It's a variation of these questions - Why is it second degree murder, not first degree? Why is this a manslaughter case and not murder? Will he face the death penalty?

Homicide does not always equal murder.

In New York State, there are different levels of homicide crimes I will attempt to explain. First degree murder, second degree murder, manslaughter in the first degree, manslaughter in the second degree, and criminally negligent homicide. There are various charges for vehicular manslaughter, but we will address those in a future post.

Let's start with the least serious and move up:

Criminally negligent homicide: A person causes someone's death through criminal negligence. This is more than negligence in a civil case, so it's not just rear-ending another person. One of my case examples - defendant was driving a van without brakes. The rotors and brake pads were worn through so badly that they didn't exist any more so in effect there was no braking mechanism and there was just metal grinding on metal. Inevitably, his brakes cut out on a decline in a road and his van struck and killed a pregnant woman walking across the street. The law defines criminal negligence as a person who fails to see unjustifiable risks in their acts that the average person would see.

Manslaughter in the second degree: Recklessly causing the death of another person. This is a step up from criminal negligence. Acting reckless is when a person is aware of the risks of their behavior, but goes ahead with the act anyway. Example - a person showing off his loaded gun to a friend by twirling it around on his finger. It fires and kills his friend. The person didn't intend to kill his friend, but we can all agree he was acting recklessly.

Manslaughter in the first degree: Intending to cause someone serious physical injury and the act kills the person. Example: A suspect intends to shoot his victim in the knee cap. He wants to punish the victim and make sure he doesn't walk again. The shot actually hits the victim in the femoral artery in the thigh and the victim dies. Generally, we can't say the suspect intended to kill the victim by shooting him in the knee. He intended to cause serious physical injury and in the process killed him.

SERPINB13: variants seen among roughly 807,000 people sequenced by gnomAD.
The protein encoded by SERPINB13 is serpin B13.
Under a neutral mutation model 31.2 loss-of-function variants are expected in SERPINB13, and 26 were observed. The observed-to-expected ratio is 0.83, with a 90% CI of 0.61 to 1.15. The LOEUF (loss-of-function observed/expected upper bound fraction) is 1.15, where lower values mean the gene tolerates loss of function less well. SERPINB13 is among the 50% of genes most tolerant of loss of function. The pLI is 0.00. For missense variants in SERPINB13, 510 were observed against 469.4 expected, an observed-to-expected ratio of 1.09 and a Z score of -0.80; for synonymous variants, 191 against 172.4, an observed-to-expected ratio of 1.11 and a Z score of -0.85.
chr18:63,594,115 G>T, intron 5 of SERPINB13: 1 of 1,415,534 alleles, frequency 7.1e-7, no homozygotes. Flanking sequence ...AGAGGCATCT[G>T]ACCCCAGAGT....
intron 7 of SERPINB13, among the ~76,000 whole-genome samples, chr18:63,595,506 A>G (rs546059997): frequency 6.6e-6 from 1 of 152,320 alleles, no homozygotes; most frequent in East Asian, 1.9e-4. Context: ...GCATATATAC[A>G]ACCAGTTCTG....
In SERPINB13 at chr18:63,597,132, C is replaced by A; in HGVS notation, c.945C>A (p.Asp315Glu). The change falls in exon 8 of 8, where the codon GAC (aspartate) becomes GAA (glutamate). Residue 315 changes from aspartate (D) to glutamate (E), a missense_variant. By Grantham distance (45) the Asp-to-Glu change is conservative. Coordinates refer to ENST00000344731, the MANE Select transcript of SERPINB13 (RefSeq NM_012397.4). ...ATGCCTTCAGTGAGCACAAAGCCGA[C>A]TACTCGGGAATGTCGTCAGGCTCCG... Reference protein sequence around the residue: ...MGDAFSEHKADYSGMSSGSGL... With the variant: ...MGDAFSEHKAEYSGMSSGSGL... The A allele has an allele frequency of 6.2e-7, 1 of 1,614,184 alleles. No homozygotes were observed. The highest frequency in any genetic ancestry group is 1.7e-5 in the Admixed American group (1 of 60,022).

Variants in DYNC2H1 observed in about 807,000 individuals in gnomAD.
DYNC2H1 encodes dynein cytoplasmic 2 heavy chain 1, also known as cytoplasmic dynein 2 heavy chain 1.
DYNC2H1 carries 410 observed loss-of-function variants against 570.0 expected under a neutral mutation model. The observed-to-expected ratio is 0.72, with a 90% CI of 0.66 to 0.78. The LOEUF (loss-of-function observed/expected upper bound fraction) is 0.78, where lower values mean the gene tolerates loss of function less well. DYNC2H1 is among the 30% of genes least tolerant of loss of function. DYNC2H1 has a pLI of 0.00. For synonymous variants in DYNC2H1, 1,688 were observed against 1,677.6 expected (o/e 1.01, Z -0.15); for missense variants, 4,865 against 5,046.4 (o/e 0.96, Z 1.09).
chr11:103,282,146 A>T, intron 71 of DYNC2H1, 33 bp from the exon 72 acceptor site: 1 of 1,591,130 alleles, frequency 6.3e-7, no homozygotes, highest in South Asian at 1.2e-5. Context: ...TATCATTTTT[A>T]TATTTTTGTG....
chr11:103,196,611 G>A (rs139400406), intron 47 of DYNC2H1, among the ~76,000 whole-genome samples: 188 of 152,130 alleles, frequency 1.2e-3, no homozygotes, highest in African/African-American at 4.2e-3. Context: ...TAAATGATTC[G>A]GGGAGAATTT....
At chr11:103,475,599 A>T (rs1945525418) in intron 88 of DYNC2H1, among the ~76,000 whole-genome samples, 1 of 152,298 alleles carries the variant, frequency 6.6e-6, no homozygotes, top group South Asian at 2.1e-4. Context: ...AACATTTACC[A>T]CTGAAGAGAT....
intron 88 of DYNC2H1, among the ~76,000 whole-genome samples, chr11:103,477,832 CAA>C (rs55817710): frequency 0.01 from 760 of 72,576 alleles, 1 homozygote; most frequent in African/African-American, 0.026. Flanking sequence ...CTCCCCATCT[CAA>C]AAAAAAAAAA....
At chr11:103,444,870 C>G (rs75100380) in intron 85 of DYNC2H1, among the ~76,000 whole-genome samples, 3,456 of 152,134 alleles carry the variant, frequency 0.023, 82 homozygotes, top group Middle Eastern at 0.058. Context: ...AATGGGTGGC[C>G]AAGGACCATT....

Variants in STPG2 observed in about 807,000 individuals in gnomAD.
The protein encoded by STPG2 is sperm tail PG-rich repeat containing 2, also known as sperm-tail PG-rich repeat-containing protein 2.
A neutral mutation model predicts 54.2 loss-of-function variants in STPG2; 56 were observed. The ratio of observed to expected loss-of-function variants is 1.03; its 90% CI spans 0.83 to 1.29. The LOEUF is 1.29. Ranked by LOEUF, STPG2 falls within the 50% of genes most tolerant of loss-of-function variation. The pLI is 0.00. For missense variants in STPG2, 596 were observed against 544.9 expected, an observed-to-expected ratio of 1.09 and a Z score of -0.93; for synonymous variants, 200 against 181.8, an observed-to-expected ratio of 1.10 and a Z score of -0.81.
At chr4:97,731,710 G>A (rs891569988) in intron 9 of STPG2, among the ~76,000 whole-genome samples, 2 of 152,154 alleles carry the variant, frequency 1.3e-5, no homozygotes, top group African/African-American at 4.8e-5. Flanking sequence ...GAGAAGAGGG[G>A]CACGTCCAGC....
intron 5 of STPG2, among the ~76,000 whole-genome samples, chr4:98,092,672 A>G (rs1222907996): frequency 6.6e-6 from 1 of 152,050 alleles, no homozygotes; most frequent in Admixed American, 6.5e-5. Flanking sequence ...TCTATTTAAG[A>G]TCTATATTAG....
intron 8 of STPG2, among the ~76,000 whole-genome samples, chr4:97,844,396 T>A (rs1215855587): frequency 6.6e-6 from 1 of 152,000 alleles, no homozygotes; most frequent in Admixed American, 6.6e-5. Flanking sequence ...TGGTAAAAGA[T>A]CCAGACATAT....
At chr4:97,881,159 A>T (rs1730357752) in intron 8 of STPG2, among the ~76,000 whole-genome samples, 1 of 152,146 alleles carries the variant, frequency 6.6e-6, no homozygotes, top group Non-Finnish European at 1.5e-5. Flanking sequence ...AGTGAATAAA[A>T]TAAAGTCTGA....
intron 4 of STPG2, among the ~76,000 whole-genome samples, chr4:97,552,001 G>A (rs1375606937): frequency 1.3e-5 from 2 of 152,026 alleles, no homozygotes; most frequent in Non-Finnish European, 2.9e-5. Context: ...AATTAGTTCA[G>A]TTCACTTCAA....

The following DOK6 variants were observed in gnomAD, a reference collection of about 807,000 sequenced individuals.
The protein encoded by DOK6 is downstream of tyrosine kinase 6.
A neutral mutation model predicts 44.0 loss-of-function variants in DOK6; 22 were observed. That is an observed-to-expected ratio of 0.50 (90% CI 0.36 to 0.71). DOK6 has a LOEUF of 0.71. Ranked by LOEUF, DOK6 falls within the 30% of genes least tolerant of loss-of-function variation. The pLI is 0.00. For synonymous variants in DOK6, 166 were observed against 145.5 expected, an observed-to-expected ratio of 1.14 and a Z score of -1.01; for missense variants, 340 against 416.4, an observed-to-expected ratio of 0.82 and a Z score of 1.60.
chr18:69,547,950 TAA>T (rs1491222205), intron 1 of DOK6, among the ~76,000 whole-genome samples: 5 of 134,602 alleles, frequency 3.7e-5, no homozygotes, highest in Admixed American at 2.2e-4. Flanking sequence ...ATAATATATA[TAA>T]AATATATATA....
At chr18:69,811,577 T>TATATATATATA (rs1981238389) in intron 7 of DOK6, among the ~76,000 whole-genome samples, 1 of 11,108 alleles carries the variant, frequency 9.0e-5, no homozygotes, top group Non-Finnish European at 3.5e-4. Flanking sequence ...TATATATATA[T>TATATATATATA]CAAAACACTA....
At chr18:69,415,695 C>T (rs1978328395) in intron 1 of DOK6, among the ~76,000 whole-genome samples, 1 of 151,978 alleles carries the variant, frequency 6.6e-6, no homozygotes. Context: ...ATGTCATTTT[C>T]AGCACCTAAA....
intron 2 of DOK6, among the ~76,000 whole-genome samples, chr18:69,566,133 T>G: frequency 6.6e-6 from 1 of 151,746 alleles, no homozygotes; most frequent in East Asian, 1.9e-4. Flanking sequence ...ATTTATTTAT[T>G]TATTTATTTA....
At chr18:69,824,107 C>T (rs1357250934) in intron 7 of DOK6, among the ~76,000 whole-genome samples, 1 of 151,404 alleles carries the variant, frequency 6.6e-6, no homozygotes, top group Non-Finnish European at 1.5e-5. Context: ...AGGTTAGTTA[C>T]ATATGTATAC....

Murder in the second degree: 1) Intentionally killing someone, 2) Recklesssly killing someone by doing an act that shows a depraved indifference to human life, or 3) the suspect commits a burglary, robbery, kidnapping, rape, or some other listed crime and in the course of that crime someone is killed.

1) This is what we see most often. A person shoots another person intending to kill him and succeeding. 2) The second situation is less frequent. An example is a person firing a gun into a crowd of people killing someone. It is an act that demonstrates a callous disregard for human life. 3) Someone breaks into a house and during the burglary he kills a person who tries to stop him. See an article about a now infamous actor, Lillo Brancato,charged with this here.

Murder in the first degree: A person intentionally kills someone (murder in the second degree) and: 1) the victim is a police or corrections officer, 2) the victim was a witness to a crime, 3) the murder was done for money, 4) the murder was done during a first degree burglary, first degree robbery, first degree kidnapping or other listed crime, 5) the suspect causes serious physical injury to someone other than the deceased victim, or 6) the victim was a judge.

Notice police officers and judges fall in this section, not assistant district attorneys.

There are additional sections and scenarios that I did not discuss because they do not occur as frequently. If you want to read them all, look here.

It is difficult to explain to a family who lost a member how the facts of the case fit into a certain section in New York's Penal Law. I try to spend as much time as necessary and answering every question no matter its content is the best way to start the family through the legal process. There are so many laws and nuances that it is difficult for even many lawyers to comprehend.

And you ask about the death penalty? That is the easier question. The New York State Court of Appeals declared the death penalty in its current form illegal in 2004, and again in 2007 and the New York State Legislature has not moved to change the provision since. So, there isn't a death penalty in New York unless the Legislature drafts a new statute.

Thursday, October 13, 2011

Courtroom Conversations